-- Scott Roberts
THURSDAY, Jan. 17 (HealthDay News) -- Flublock, a new vaccine
that uses recombinant DNA technology to prevent the flu, has been
approved by the U.S. Food and Drug Administration for people aged
18 to 49.
Flublock doesn't use traditional flu vaccine components --
including the influenza virus or eggs -- in its production.
Instead, it uses an insect virus (baculovirus) to produce large
amounts of the influenza virus protein, hemagglutinin (HA). Most
antibodies that prevent flu infection are directed against HA, the
FDA explained in a news release.
"This approval represents a technological advance in the manufacturing of an influenza vaccine," Dr. Karen Midthun, director of the FDA's Center for Biologics Evaluation and Research, said in the news release. "The new technology offers the potential for faster start-up of the vaccine manufacturing process in the event of a pandemic, because it is not dependent on an egg supply or on availability of the influenza virus."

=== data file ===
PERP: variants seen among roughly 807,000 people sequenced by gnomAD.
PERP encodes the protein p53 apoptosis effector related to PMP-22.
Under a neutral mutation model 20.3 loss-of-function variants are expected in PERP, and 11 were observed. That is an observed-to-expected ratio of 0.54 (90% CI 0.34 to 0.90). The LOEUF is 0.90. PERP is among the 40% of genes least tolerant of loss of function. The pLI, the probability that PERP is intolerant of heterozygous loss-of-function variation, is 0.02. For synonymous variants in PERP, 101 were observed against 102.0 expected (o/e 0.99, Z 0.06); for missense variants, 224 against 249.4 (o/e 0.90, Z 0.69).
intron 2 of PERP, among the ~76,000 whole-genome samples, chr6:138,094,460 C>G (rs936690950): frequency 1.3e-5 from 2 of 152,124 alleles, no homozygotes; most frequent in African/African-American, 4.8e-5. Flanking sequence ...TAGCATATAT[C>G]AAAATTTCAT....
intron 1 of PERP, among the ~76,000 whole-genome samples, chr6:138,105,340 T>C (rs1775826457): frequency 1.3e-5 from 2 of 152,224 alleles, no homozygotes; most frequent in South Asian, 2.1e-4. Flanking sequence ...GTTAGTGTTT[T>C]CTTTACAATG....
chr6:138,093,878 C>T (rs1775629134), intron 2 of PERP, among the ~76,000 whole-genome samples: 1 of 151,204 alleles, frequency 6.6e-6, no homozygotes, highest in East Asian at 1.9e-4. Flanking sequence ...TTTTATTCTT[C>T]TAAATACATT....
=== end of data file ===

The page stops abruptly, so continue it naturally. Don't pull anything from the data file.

The vaccine can be modified before each flu season to include
the most predominant flu strains, the agency said.
The product's effectiveness was evaluated in a study that
compared use of Flublok in about 2,300 people to a control group of
a similar size that was given a placebo. The vaccine was about 44.6
percent effective in preventing infection with all circulating
strains of flu, not just those included in the vaccine, the FDA
The most common side effects noted were injection-site pain,
headache, fatigue and muscle aches -- typical adverse reactions
among conventional flu vaccines.
Flublok is produced by Protein Sciences Corp., based in Meridan,
The FDA has more about
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